Temco grain terminal expansion nearly complete

By Marissa Luck, November 24, 2014, The Daily News

A $50 million expansion of the Temco grain terminal is nearing completion at the Port of Kalama after almost a year of construction. The expansion is expected to double the terminal’s capacity and employment.

 

“The lease (with Temco) provides a long-term revenue stream to the port to pay for our initial investment and support other economic activities into the future,” said the executive director of the port, Mark Wilson by email. “It also ensures that the jobs at the facility continue long into the future.”

 

Although the first vessel arrived in mid-November, the terminal is not fully operational because Temco will be performing equipment testing throughout December, said Temco spokeswoman Lani Jordan. Company officials would not provide a firm date for when the terminal will reopen for business.

 

The grain terminal, built in the 1960s at the south end of the port property near the Todd Road exit off Interstate 5, shut down in January to undergo the expansion.

 

Jordan said the renovations include a new vessel dock and loading equipment, new rail and barge receiving machinery and upgraded grain cleaners. The improved terminal can handle up to 200 million bushels of grain per year, as much as Temco’s Tacoma terminal, according to the company.

 

The reopened terminal will boost employment to 120 during the grain-handling season, about double the current staffing, according to the company. Temco is the smaller of the two Kalama grain terminals, accounting for one-quarter — roughly 2.75 million tons — of the Port of Kalama’s 11 million tons of grain exports in 2013, according to the port.

 

The port invested $7 million to support the Temco expansion by installing 3.6 miles of new railroad track and relocating 1.1 miles of track. Next year, the port expects to collect $3 million in revenue from Temco.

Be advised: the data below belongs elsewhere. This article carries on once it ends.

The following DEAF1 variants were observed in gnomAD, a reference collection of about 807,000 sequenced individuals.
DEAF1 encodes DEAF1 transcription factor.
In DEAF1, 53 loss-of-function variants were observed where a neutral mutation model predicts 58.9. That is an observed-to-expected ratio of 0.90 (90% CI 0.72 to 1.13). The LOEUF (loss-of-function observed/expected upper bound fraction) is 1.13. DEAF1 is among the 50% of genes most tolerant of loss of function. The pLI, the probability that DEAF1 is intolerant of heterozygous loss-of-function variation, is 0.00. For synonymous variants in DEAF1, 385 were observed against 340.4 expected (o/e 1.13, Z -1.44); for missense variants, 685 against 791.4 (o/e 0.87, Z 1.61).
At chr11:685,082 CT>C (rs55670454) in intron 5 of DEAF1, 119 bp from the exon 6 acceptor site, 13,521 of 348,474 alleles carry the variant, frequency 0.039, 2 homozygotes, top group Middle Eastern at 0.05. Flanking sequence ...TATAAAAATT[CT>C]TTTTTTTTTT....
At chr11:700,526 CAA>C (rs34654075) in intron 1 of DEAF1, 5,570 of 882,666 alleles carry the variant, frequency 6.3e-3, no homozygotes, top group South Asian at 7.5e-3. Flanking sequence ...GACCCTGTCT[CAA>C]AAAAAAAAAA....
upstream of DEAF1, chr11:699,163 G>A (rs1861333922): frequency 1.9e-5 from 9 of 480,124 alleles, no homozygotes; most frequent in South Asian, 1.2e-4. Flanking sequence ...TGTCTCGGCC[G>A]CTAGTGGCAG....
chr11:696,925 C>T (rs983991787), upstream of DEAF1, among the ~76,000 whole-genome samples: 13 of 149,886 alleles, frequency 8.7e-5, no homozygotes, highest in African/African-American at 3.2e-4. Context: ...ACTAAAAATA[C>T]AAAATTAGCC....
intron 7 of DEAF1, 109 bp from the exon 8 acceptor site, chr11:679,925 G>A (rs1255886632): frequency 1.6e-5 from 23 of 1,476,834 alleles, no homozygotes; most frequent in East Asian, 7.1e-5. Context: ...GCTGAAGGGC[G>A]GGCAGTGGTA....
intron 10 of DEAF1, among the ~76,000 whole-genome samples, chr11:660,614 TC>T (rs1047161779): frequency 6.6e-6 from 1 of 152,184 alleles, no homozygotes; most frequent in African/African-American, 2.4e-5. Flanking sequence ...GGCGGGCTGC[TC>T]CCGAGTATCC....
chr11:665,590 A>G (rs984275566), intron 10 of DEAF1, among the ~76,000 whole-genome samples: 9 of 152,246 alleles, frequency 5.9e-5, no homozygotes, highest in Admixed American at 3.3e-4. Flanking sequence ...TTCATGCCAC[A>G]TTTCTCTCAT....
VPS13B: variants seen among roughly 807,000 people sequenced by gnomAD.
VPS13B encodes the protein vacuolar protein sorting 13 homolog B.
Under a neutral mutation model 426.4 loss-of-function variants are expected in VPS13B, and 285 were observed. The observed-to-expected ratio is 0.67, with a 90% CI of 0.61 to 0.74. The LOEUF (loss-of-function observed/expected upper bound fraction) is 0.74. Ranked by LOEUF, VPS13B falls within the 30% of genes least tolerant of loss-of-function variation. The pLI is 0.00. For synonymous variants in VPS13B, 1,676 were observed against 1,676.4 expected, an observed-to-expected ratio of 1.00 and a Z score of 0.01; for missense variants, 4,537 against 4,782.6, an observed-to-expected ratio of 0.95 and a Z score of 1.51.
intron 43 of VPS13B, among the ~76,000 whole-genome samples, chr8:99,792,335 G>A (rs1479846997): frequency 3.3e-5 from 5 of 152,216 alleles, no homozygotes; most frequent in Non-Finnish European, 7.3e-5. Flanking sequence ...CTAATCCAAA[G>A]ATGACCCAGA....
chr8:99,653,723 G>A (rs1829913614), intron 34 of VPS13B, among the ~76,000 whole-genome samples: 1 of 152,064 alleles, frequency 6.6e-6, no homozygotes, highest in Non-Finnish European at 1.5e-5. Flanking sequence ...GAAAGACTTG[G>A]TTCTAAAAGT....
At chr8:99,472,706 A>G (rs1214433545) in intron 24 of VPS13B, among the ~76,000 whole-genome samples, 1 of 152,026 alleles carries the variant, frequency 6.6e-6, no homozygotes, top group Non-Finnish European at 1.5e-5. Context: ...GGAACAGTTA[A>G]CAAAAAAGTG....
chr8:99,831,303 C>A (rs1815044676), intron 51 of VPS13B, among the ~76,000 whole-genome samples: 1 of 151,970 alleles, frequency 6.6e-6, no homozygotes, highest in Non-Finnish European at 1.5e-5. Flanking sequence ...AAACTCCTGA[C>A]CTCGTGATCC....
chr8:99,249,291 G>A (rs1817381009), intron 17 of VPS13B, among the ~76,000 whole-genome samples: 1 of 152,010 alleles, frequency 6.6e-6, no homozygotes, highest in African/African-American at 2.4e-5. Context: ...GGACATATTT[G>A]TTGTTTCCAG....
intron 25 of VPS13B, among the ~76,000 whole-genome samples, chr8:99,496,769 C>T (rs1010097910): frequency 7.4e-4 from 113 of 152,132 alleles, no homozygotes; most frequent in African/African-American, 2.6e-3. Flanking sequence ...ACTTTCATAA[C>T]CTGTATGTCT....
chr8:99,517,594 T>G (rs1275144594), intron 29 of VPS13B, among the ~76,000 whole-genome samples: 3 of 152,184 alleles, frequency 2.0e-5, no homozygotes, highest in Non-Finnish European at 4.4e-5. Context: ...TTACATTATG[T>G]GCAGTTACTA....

Temco is the latest terminal along the lower Columbia River to expand following the deepening of the river’s main channel, a project that wrapped up in 2010. In 2011, EGT built the first new grain terminal in the United States in 25 years. In 2010, Kalama Export — located on the port’s northern end — spent $36 million to install a new wheat-cleaning system, eight additional grain silos and a loading belt.

 

Resumption of Temco’s operations means the Port is expecting a 16 percent increase in revenue next year — to $11.6 million, according to final budget approved last week. It’s estimating it will spend $5.1 million on operations, up from $4.8 million in 2014.

 

Nevertheless, it will spend down its cash reserves — now about $16.9 million — to about $11.25 million to pay for a number of capital improvements. The Port made $21.4 million in capital improvements in 2014 and plans another $17 million in 2015. Some slated for next year include:

 

• $6.75 million to move two Steelscape warehouses to make room for the Northwest Innovation Works methanol plant at the north end of the port. Another $100,000 will go into a water treatment system to service NW Innovations.

 

• $1 million for sewer system construction to service Haydu Park near the eastern portion of the port. The new park, which is replacing the Kress field and fairgrounds east of the freeway, is expected to open by summer next year. The port also is allotting $1.5 million to buy additional property in that area.

 

Next year the port will spend $1.16 million on salaries — an 11.5 percent increase over last year — along with $640,000 on benefits. Finance Manager Stu Shelby said that the port conducts employee reviews in July, so it is not clear who will get raises in 2015.

 

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